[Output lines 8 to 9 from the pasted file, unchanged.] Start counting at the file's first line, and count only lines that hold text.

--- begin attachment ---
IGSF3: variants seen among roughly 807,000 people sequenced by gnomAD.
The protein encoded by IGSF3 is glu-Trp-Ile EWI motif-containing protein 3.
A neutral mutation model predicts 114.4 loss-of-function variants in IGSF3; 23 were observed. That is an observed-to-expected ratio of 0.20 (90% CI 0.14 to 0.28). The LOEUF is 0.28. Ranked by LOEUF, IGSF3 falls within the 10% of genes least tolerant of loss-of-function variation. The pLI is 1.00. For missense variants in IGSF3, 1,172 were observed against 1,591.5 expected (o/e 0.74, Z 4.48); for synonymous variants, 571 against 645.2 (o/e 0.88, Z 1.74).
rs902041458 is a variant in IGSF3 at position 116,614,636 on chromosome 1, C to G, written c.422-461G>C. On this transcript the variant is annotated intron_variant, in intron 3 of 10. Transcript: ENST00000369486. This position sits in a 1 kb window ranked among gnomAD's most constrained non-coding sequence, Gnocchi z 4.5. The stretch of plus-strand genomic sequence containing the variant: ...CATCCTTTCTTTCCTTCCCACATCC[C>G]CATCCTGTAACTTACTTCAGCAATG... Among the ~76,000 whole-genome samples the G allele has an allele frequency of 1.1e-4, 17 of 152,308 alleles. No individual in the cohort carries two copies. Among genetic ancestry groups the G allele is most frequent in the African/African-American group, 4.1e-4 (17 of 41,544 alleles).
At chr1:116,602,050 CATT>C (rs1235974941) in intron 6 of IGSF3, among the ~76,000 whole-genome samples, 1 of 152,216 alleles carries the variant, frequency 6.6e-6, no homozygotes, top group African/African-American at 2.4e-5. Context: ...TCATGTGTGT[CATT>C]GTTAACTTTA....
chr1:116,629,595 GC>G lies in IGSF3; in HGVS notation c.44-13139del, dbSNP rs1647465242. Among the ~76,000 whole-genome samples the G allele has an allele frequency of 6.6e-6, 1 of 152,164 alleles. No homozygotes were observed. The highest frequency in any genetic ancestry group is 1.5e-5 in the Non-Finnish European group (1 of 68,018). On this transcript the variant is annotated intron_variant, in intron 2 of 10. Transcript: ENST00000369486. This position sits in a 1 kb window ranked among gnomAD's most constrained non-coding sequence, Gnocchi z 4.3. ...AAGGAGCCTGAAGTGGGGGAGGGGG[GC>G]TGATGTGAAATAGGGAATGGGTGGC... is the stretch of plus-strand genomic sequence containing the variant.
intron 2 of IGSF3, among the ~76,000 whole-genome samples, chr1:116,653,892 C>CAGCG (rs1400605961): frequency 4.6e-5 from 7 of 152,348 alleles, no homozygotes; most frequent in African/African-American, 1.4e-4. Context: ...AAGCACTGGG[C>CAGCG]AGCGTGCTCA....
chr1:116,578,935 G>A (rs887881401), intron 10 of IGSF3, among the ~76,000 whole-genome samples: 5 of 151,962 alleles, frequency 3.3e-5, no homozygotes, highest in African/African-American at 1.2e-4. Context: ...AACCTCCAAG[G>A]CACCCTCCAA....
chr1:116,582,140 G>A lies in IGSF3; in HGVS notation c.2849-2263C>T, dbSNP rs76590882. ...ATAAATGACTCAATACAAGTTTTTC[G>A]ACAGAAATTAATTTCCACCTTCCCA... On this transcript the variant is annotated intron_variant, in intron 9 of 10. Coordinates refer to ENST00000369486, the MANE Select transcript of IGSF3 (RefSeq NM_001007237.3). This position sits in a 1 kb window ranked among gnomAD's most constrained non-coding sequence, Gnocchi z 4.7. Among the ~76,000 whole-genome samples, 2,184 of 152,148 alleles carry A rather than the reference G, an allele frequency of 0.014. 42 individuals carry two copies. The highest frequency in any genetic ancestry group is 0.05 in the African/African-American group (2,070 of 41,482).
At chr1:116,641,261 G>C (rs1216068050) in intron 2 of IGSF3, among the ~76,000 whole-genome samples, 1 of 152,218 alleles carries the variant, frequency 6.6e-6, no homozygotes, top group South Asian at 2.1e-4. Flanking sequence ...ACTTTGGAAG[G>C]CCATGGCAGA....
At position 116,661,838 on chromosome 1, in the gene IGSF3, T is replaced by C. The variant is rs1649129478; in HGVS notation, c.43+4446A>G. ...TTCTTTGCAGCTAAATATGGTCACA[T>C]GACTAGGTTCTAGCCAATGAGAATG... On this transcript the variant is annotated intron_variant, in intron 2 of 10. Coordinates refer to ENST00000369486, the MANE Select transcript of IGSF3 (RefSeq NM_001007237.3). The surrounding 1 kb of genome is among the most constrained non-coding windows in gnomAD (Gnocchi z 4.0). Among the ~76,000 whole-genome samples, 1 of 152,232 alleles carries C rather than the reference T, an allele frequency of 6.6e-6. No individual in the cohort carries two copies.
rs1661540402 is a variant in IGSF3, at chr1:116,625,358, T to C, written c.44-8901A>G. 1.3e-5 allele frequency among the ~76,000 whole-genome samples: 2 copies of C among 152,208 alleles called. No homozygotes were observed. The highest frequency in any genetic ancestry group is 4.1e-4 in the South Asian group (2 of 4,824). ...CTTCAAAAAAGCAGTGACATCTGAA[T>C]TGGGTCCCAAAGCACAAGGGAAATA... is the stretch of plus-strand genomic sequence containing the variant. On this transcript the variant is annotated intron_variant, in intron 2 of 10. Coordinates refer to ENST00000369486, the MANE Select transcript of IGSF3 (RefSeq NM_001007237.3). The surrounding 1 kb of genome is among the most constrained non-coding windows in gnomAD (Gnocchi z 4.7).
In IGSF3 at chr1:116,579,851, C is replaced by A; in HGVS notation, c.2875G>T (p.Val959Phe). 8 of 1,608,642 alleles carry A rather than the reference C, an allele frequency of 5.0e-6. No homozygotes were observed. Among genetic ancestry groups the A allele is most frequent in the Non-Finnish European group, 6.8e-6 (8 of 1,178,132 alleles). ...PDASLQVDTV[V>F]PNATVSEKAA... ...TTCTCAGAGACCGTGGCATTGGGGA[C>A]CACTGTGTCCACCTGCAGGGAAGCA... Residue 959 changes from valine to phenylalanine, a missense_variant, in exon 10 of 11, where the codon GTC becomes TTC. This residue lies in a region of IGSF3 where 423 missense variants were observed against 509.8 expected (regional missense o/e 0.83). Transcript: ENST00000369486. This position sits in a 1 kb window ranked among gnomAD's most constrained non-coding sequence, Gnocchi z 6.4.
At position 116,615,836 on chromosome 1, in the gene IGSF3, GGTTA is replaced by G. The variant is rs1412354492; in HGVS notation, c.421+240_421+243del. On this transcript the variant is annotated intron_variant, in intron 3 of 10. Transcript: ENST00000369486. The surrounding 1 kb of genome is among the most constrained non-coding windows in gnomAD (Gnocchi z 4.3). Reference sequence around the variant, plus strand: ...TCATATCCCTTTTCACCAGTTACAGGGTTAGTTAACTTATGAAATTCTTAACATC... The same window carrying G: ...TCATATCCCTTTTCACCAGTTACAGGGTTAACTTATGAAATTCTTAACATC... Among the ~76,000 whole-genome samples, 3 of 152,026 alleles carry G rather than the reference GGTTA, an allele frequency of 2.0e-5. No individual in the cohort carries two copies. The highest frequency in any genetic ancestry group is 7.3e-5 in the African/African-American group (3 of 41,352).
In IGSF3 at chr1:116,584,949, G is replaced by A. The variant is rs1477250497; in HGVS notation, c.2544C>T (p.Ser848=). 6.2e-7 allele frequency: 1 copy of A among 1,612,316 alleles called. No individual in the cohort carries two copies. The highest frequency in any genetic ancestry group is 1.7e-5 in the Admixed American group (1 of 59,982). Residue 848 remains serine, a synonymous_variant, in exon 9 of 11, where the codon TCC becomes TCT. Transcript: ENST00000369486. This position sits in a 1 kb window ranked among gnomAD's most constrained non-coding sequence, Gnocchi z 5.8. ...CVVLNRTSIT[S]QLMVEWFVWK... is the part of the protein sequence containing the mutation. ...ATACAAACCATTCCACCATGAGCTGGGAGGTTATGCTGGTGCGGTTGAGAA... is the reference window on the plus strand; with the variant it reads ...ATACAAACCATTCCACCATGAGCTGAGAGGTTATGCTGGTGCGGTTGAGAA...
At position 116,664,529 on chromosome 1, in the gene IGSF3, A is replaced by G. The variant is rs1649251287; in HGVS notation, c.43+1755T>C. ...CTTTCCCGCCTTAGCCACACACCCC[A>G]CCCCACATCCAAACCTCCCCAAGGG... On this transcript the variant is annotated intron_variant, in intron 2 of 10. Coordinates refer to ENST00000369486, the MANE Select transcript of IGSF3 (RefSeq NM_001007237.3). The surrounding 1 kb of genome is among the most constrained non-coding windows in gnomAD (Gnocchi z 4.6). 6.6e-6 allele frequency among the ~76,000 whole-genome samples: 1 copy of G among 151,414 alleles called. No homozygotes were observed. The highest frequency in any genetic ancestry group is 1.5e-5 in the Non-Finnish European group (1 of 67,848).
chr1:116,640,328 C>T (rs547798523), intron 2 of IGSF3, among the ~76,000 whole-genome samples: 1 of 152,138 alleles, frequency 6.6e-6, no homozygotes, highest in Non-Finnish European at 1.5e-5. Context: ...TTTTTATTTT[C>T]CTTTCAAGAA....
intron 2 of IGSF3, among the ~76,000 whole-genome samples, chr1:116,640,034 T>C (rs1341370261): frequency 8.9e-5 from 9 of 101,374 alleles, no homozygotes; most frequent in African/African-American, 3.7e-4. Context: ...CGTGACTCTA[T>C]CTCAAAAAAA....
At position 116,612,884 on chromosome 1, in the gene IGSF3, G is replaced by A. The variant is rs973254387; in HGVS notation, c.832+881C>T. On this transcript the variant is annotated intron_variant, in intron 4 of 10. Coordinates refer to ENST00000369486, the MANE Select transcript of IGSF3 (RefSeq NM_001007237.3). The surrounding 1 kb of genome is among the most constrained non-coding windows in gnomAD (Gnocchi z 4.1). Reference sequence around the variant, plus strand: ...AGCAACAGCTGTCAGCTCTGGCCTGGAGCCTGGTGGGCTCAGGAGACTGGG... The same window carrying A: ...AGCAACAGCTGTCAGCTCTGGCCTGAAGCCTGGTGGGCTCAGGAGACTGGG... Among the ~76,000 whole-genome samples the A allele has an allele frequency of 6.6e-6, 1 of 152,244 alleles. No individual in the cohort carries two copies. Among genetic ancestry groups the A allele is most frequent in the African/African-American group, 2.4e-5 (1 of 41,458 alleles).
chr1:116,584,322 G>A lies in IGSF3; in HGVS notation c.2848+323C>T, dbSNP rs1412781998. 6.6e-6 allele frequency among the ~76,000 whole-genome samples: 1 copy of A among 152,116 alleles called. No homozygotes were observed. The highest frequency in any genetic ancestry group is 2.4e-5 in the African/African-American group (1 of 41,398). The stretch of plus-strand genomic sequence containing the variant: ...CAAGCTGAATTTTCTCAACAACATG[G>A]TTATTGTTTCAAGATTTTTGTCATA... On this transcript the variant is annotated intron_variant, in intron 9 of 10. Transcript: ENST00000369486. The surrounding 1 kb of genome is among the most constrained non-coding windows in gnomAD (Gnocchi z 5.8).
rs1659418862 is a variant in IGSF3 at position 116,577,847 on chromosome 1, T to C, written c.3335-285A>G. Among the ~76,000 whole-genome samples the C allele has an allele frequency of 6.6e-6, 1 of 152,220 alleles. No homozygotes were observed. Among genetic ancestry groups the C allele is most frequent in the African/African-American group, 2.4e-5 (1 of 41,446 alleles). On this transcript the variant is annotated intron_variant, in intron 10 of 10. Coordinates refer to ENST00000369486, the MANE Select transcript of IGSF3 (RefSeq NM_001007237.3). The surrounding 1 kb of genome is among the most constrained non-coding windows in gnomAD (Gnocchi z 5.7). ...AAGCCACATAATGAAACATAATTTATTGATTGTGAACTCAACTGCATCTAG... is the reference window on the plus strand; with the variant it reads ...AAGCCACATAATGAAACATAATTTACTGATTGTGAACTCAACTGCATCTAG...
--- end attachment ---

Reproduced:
chr1:116,578,935 G>A (rs887881401), intron 10 of IGSF3, among the ~76,000 whole-genome samples: 5 of 151,962 alleles, frequency 3.3e-5, no homozygotes, highest in African/African-American at 1.2e-4. Context: ...AACCTCCAAG[G>A]CACCCTCCAA....
chr1:116,582,140 G>A lies in IGSF3; in HGVS notation c.2849-2263C>T, dbSNP rs76590882. ...ATAAATGACTCAATACAAGTTTTTC[G>A]ACAGAAATTAATTTCCACCTTCCCA... On this transcript the variant is annotated intron_variant, in intron 9 of 10. Coordinates refer to ENST00000369486, the MANE Select transcript of IGSF3 (RefSeq NM_001007237.3). This position sits in a 1 kb window ranked among gnomAD's most constrained non-coding sequence, Gnocchi z 4.7. Among the ~76,000 whole-genome samples, 2,184 of 152,148 alleles carry A rather than the reference G, an allele frequency of 0.014. 42 individuals carry two copies. The highest frequency in any genetic ancestry group is 0.05 in the African/African-American group (2,070 of 41,482).